The international financial institutions are key players in ensuring that globalization is a force for good and that the poorest nations can participate in, and benefit from, the international financial system. We welcome the recent joint statement from the Managing Director of the IMF and the President of the World Bank Group, in particular their commitment to make these institutions work effectively together to increase the effectiveness and sustained impact of their operations to reduce poverty, increase growth, and strengthen the stability of the international financial system. We will continue to work together with other members of the international community to further strengthen the global financial system.
We welcome the Managing Director’s commitment to reform of the IMF and look forward to working with him to ensure the IMF is well equipped to face future challenges. We note the progress achieved in strengthening the surveillance role of the IMF to help prevent crises and promote domestic and international financial stability and call on the IMF to speed up its work in this area. This includes strengthening the IMF’s central role in the surveillance of codes and standards and promoting their implementation, greater transparency of the IMF’s activities and members’ policies, increasing the emphasis on national balance sheet and liability management, enhancing its ability to identify sources of vulnerability, and paying close attention to the appropriateness of a country’s exchange rate regime. We welcome the recommendations by the Financial Stability Forum on promoting market and official incentives for the implementation of standards and codes.
We reaffirm the importance of building stronger and more resilient national financial systems in emerging market economies that can withstand the challenges that come with progressive financial liberalization. We call on the IMF to continue its work in this area.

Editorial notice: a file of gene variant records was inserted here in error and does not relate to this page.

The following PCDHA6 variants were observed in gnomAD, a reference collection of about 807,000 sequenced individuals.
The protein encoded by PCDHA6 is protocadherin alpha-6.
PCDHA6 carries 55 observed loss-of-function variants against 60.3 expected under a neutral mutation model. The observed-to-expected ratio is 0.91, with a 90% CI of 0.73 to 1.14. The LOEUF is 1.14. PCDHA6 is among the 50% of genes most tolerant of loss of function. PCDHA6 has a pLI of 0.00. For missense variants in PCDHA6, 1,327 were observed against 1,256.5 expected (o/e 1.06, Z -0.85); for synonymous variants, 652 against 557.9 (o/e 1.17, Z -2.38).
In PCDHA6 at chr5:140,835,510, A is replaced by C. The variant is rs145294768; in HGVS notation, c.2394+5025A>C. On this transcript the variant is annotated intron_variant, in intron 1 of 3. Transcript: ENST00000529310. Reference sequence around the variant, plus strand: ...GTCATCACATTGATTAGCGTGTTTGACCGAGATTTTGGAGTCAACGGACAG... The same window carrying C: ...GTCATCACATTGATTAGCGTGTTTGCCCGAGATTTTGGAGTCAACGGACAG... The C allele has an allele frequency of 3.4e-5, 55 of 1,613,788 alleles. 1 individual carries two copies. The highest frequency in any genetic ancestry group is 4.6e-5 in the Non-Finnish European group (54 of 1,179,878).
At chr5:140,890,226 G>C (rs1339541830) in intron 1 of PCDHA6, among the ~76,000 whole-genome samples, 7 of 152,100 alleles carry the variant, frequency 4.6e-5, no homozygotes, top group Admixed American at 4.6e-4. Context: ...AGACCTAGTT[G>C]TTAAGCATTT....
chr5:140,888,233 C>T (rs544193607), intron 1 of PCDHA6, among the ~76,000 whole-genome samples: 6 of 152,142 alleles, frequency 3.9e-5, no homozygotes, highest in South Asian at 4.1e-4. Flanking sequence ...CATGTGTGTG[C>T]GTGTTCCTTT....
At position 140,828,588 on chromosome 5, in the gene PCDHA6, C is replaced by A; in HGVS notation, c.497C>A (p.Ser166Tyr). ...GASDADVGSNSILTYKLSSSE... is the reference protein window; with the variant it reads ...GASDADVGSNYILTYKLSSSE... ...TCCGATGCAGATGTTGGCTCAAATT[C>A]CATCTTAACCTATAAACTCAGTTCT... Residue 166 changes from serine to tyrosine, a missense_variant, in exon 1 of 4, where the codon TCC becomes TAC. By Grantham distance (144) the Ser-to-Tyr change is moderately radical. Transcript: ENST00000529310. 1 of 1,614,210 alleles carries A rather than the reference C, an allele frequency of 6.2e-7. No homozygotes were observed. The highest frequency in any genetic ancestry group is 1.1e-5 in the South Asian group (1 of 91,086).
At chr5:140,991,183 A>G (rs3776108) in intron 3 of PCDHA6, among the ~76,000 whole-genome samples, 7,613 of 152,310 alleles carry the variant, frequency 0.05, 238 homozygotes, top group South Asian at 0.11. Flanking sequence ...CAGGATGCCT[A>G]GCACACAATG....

We welcome the agreement achieved in the IMF to adapt its lending instruments to reflect better the realities of global capital markets—encouraging countries to take preventive measures to reduce vulnerabilities and providing temporary and appropriately conditioned support for balance of payments adjustment and, in defined circumstances, medium-term finance in support of structural reform, while avoiding unduly long, or repeated use of, and deterring large-scale access to IMF resources. We look forward to the upcoming review of conditionality associated with IMF lending to ensure that it is focused and addresses issues essential to the success of the program.
We welcome progress in developing a framework for private sector involvement in preventing and resolving crises. Private external creditors, including bond holders, have been more involved in the financing of recent IMF-led programs. We look forward to further progress at the IMF in making operational this approach in the design of IMF programs so as to provide greater clarity to countries and market participants. An efficient coordination with the Paris Club is also of utmost importance in this regard. We welcome the establishment by the IMF of a Capital Markets Consultative Group, which can play an important role in exchanging information with capital markets.
We look forward to ongoing improvements in the accountability and modernization of the structure and operation of the IMF itself. We welcome the agreement in the IMF Board on the terms of reference for the Independent Evaluation Office. We urge implementation of the IMF’s recently strengthened framework for safeguarding resources. In addition, we call on the IMF to enhance its cooperation with other international institutions, including the World Trade Organization and the International Labor Organization. It is essential that the IMF’s decision-making structure and its operation remain accountable. In view of the importance of having an allocation of IMF quotas that reflects developments in the world economy, we take note of the effort now under way in the IMF to examine the formula for calculating country quotas.
Multilateral development bank reform
We reaffirm our commitment to multilateral development bank reform aimed at helping countries reduce poverty and welcome the substantial progress that has been made in translating these shared priorities into core policies and operational practices. The challenges are to build on this progress to translate the principles of good governance, selectivity, and accountability, and the importance of ownership and participation into concrete action aimed at a substantive development impact.